Their view: Allegations demand full FBI investigation of Kavanaugh

FILE - In this Sept. 6, 2018, file photo, President Donald Trump's Supreme Court nominee, Brett Kavanaugh testifies before the Senate Judiciary Committee on Capitol Hill in Washington, for the third day of his confirmation hearing to replace retired Justice Anthony Kennedy. Christine Blasey Ford, the woman accusing Kavanaugh of sexual misconduct when they were teenagers has come forward to The Washington Post. (AP Photo/Alex Brandon, File) -

Put aside the politics. The allegations against Supreme Court nominee Brett Kavanaugh demand a full investigation prior to the Senate’s confirmation vote.

This is a decision that will impact the country for the next 20 years — or more. It’s arguably as important as whom voters select as their next president.

The Senate owes it to the American people to determine the veracity of the charges against Kavanaugh. Anything less would taint the court and further divide the country.

Process matters. The accusation made by Palo Alto University professor Christine Blasey Ford is credible. Not proven, but certainly strong enough to merit independent review.

The emergence of a second accusation of sexual misconduct against Kavanaugh on Sunday and reports of a possible third from attorney Michael Avenatti reinforce the need to learn the truth about the nominee’s history.

The claims are serious — extremely serious. The public deserves to know if they’re true. No senator should be voting on his nomination without full information that can only be attained through a thorough investigation. This nation should not continue turning its back on women who speak up about sexual abuse.

The notion that a Senate Judiciary Committee hearing can get to the bottom of the issue simply by interviewing Ford and Kavanaugh is nonsense. No experienced investigator would dream of conducting a serious inquiry — especially not one involving sexual misconduct — in front of television cameras with the nation watching.

The only way to get at the truth is for the FBI or an independent investigative team to interview everyone involved and report the findings. Kavanaugh, assuming he did nothing wrong, and his supporters, including the president and Republican senators, should want a thorough investigation as much as anyone. Rushing the confirmation process contributes to the notion that he has something to hide.

This isn’t a matter of what the Constitution demands, for our Founding Fathers established no criteria for becoming a Supreme Court justice. The Constitution does not require a law school education or service as a lawyer or judge. There is no age requirement. Supreme Court justices don’t even have to be American born.

They only have to be nominated by the president and confirmed by a majority vote of the Senate. The Senate doesn’t have to specify its thinking. It’s strictly an up or down vote.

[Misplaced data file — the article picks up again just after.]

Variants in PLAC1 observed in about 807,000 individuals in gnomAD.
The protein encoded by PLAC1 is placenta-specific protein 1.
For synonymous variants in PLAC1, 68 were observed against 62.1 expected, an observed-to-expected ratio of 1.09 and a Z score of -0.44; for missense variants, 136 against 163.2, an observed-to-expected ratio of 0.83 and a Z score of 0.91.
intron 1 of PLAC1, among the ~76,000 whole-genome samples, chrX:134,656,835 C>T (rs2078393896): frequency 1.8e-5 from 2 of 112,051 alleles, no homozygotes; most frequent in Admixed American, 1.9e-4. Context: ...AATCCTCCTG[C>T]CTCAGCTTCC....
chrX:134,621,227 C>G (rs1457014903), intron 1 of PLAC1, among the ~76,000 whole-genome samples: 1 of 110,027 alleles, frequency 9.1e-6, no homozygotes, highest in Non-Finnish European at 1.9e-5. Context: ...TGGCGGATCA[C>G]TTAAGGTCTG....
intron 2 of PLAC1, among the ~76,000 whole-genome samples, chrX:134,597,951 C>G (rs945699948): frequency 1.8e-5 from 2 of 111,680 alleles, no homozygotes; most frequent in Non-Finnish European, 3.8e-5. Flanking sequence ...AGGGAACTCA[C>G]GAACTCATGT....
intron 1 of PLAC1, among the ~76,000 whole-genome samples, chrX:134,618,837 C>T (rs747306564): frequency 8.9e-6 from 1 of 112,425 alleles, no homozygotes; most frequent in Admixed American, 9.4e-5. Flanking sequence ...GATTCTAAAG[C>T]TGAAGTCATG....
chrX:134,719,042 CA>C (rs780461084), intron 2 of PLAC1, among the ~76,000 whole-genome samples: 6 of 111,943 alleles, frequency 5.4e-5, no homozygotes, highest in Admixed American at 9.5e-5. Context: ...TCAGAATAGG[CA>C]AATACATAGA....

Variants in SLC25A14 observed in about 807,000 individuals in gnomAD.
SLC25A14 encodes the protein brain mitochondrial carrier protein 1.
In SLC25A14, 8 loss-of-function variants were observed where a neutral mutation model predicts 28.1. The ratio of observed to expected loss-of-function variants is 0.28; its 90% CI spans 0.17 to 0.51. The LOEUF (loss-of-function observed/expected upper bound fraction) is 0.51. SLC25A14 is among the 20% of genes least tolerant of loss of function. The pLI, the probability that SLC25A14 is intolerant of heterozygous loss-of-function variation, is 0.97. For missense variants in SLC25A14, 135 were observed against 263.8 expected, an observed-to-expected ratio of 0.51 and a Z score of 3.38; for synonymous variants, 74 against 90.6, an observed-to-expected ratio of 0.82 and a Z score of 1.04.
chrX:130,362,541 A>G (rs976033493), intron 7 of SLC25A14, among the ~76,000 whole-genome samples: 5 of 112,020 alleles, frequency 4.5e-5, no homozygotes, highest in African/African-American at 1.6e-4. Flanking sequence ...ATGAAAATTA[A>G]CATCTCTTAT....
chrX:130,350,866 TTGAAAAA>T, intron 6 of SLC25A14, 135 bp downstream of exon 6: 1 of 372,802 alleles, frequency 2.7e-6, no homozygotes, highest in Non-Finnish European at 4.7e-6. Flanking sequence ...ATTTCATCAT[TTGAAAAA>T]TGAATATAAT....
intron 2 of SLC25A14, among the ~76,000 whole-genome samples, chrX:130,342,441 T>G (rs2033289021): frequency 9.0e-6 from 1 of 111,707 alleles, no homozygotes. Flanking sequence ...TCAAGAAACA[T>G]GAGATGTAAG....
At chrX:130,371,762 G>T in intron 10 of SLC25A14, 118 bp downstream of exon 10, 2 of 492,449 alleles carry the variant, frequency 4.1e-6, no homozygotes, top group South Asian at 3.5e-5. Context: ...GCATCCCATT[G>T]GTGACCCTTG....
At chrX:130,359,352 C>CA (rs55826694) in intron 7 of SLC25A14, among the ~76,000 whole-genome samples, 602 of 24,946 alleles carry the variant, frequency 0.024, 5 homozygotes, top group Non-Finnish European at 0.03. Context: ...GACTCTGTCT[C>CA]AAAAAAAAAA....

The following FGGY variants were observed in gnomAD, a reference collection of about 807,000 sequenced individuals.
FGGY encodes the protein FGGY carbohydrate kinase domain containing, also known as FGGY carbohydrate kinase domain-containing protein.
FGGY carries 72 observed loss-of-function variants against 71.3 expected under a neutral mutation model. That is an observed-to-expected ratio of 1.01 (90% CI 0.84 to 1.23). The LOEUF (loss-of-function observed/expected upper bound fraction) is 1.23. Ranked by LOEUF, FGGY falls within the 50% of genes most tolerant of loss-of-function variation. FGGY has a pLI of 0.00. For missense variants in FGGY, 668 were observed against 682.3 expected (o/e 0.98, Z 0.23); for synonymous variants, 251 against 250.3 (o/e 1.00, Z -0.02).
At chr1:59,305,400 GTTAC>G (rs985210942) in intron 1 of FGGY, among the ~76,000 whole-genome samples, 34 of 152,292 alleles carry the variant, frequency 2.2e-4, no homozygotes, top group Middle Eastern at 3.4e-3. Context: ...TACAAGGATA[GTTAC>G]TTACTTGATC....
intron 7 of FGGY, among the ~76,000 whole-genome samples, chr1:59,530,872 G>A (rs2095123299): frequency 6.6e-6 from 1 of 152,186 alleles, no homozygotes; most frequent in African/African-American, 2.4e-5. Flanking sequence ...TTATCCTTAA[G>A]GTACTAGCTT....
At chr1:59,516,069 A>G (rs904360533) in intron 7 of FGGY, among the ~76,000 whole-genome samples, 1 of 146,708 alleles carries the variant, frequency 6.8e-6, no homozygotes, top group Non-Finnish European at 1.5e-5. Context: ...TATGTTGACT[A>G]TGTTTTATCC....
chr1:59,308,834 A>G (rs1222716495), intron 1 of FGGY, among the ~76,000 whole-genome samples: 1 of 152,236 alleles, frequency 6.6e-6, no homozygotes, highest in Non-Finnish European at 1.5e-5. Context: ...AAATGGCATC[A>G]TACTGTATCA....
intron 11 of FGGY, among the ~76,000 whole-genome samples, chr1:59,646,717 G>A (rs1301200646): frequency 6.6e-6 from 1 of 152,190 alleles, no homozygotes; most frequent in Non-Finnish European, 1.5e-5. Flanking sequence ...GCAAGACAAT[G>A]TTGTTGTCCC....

But our nation’s representative democracy and judicial system work only if the public has confidence in them. Rushing the confirmation of a high-court justice under a cloud as thick as the one over Kavanaugh would only erode that confidence.

It isn’t the end of the world if Kavanaugh isn’t confirmed. Since 1789, 37 of 162 nominees to the Supreme Court have failed.

The reasons vary from having smoked pot with students (Douglas Ginsburg, nominated by President Reagan in 1987), to having a strong anti-war record (Caleb Cushing, nominated by Ulysses S. Grant in 1874), to opposition to a U.S. treaty with Great Britain (John Rutledge, nominated by George Washington as chief justice in 1795).

The integrity of the confirmation process and the need to fully vet a candidate before any vote is more important than concerns about Kavanaugh’s good name or worries that an investigation would deter people from entering public service.

There’s too much at stake to rush this. Ordering a thorough investigation is the Senate’s only responsible action.

– The Mercury News (San Jose, Calif.)

FILE – In this Sept. 6, 2018, file photo, President Donald Trump’s Supreme Court nominee, Brett Kavanaugh testifies before the Senate Judiciary Committee on Capitol Hill in Washington, for the third day of his confirmation hearing to replace retired Justice Anthony Kennedy. Christine Blasey Ford, the woman accusing Kavanaugh of sexual misconduct when they were teenagers has come forward to The Washington Post. (AP Photo/Alex Brandon, File)
https://www.timesleader.com/wp-content/uploads/2018/09/web1_121270901-24811320fb7e4fcd8b561a4f9beef1ab.jpgFILE – In this Sept. 6, 2018, file photo, President Donald Trump’s Supreme Court nominee, Brett Kavanaugh testifies before the Senate Judiciary Committee on Capitol Hill in Washington, for the third day of his confirmation hearing to replace retired Justice Anthony Kennedy. Christine Blasey Ford, the woman accusing Kavanaugh of sexual misconduct when they were teenagers has come forward to The Washington Post. (AP Photo/Alex Brandon, File)